After struggling for a while, I took a deep dive into the execution order of the threads. The IMU thread would send a signal that new data was ready. The Nav/EKF thread would wait on that signal, compute the new attitude estimate and send it's own signal. The flight control thread would wait for a new attitude solution, then do it's work, and send it's own signal out. The actuator thread would wait for the PID thread signal and then send the new actuator positions to the servos. I light bell went on in my head and I realized this was nothing more than a single threaded "grand loop" architecture, just implemented in a very complicated way using thread primitives.

it's just a small story and every situation is different. The point is that sometimes there is a natural information flow that is worth thinking about. Sometimes simpler is better.

If you think you must have a thread to watch a sensor for input so you can feed your system the most current information as quickly as possible, consider the information flow and dependencies in your system.
Perhaps a grand-loop architecture and non-blocking IO will work just as well (and be much simpler and much more understandable.)

If you do schedule a thread for a certain update rate, make sure you understand the tick resolution of your system scheduler (often 100hz) and that you understand how signals and wakeups work on your system. Measure and test the result to verify you are actually getting what you think you are getting. Another story I have is from a time where a student scheduled a 40hz task on a system with a 100hz tick rate. He wrote his thread as a simple loop with a 2500 us sleep(). Years later I looked at that code and said "nope". I convinced him to actually measure the loop time and suggested he may see something closer to 33 hz ... and it came back just as I predicted. In this system (like most others) a sleep() call will sleep at least the requested amount of time, and then only wake up at the next tick ... so you could possibly sleep for ~1000us longer than you intended. He also just wrote a while loop as a standalong thread, so the time to execute his loop + the sleep time + whatever else was going on in the system determined the update rate which might not have been perfectly consistent. So for quite some time he had been flying a system that wasn't performing like he expected it was, because of a simple misunderstanding of how the system worked and he never actually checked he was really getting what he wanted. Not picking on you Raghu, you are way smarter than me! Just using this as an example that things don't always work the way we thought or hoped.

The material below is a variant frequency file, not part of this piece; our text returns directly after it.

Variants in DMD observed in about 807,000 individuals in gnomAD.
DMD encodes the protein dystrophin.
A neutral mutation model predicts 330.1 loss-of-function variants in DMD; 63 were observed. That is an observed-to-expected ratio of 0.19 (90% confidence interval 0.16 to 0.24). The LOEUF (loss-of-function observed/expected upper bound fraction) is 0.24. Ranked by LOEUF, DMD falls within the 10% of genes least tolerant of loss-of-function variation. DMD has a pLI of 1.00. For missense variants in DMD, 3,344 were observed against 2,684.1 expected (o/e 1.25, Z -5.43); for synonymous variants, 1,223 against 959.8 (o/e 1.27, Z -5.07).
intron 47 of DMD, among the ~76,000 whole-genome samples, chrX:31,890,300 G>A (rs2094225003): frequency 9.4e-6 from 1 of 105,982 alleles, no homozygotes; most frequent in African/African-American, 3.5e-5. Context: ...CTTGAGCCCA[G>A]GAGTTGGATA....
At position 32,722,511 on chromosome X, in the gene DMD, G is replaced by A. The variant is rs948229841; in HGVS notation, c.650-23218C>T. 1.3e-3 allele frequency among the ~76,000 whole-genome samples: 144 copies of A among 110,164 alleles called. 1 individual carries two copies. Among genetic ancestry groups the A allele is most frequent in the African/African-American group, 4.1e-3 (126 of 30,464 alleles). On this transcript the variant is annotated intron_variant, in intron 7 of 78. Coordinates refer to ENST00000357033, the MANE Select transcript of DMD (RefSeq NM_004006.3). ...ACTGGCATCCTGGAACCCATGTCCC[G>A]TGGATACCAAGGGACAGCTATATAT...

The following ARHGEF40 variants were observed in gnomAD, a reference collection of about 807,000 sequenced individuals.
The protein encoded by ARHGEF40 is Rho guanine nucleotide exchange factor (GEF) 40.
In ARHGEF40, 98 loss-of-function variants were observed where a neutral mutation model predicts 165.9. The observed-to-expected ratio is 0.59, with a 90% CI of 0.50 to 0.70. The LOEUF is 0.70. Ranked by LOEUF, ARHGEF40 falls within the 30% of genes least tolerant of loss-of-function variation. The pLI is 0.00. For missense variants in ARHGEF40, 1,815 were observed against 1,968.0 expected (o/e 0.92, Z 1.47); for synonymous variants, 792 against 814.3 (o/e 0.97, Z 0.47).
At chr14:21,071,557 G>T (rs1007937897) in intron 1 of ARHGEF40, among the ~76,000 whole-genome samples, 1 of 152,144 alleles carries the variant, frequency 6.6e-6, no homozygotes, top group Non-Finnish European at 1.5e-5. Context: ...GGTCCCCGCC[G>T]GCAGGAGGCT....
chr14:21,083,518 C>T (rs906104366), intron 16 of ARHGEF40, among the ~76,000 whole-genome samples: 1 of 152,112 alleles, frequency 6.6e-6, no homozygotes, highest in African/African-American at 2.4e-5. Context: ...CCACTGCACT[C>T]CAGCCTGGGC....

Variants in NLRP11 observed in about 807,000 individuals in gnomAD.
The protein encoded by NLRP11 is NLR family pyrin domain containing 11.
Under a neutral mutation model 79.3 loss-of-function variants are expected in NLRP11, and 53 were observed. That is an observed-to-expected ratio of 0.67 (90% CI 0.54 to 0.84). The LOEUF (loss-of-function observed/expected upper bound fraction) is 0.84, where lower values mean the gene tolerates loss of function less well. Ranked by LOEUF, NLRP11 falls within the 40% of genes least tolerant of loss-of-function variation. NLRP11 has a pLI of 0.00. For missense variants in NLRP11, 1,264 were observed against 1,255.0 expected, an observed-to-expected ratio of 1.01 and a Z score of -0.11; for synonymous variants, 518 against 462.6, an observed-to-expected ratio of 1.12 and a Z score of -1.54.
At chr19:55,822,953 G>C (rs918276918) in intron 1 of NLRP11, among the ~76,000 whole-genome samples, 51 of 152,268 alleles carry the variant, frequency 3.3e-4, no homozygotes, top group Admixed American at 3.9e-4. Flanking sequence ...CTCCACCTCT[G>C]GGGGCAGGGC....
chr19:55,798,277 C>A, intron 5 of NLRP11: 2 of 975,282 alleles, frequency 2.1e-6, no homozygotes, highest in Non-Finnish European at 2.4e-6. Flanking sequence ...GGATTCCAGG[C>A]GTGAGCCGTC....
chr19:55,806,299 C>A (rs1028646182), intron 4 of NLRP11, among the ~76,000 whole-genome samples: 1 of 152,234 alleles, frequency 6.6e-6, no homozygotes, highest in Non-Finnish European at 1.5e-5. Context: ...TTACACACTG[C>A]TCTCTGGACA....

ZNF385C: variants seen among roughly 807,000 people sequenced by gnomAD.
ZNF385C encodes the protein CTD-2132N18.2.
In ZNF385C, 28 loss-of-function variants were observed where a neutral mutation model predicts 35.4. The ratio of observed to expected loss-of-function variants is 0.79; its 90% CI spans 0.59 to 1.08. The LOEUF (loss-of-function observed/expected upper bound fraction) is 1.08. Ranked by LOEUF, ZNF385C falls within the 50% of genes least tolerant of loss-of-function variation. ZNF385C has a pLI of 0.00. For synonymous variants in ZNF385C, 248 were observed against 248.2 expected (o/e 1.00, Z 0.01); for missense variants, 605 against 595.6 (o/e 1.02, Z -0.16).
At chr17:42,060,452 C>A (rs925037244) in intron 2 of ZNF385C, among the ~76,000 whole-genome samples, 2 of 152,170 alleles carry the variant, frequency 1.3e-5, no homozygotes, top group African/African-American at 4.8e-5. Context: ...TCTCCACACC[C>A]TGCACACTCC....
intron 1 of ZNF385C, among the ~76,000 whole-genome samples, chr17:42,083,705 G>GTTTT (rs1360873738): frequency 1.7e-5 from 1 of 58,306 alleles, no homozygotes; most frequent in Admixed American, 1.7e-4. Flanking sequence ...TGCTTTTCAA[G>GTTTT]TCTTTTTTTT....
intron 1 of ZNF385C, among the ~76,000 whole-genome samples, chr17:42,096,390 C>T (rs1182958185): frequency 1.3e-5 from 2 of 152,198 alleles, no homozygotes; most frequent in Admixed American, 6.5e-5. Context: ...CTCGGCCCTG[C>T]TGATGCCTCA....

In a real time system, you typically would use some hardware timer or external hardware signal to schedule a function to run at a very precise and consistent update rate. But you don't always have enough timers or the necessary timer resolution to do what you really want. So often these systems require a lot of creativity and cleverness to get the necessary performance in the end.

Another thing I've discovered. Often due to the natural information flow through a system, you can pick one sensor or one signal to drive the heart beat of your system. You'll need to think about what is the most important aspect. In an autopilot, IMU, GPS, air data, pilot inputs, etc. may all be sampled at different rates. The sensors themselves may be running on different clocks. It's impossible to sync all these things together perfectly (unless you are someone like honeywell that builds your own hardware and sensors and designs the entire system so you can strobe all the sensors at exactly the same time, but I digress...)

So my point is, that even with highly threaded systems there are information and timing dependencies that can matter if you want to produce the best and most consistent output. (And don't fall into the trap of thinking you can just boost the main loop update rate and timing problems and dependencies all go away.)

If you are designing a threaded architecture, at least be conscious of your goals. Do you want something like a computer science operating system scheduler designed to be "fair" so there is no thread starvation. Or do you want something that has very deterministic timing. I will suggest it's difficult to guarantee both simultaneously. For FlightGear which I would call real time simulation and visualization, timing is not unimportant. Consistent frame rates make a difference and any change is detectable by our human eyes.
Aerospace Engineering and Mechanics
University of Minnesota
curt
Administrator
 
Posts: 1174
Joined: Thu Jan 01, 1970 12:00 am
Location: Minneapolis, MN

Re: Concurrent game engines - is this even a good idea?

Postby Parnikkapore » Wed Jun 12, 2019 11:16 pm

light bell went on in my head and I realized this was nothing more than a single threaded "grand loop" architecture, just implemented in a very complicated way using thread primitives.

Yes, this is why I feel a bit leery about threading out a group of short functions like the one earlier in the thread. The gain/(pain+overhead) ratio would be pretty low. Threads need to be as independent as possible.

However, jitter is a problem, and I forgot about the player noticing. I thought this wouldn't be a problem as the renderer thread would be locked onto vsync regardless, but physics engine inconsistencies (and races) can also make things buggy...
There are free alternatives to every program you encounter. You just have to find them.
Parnikkapore
 
Posts: 818
Joined: Thu Oct 29, 2015 10:16 am
Callsign: HS-FGS
Version: next [PPA]
OS: Mint 18


Return to Hangar talk

Who is online

Users browsing this forum: No registered users and 1 guest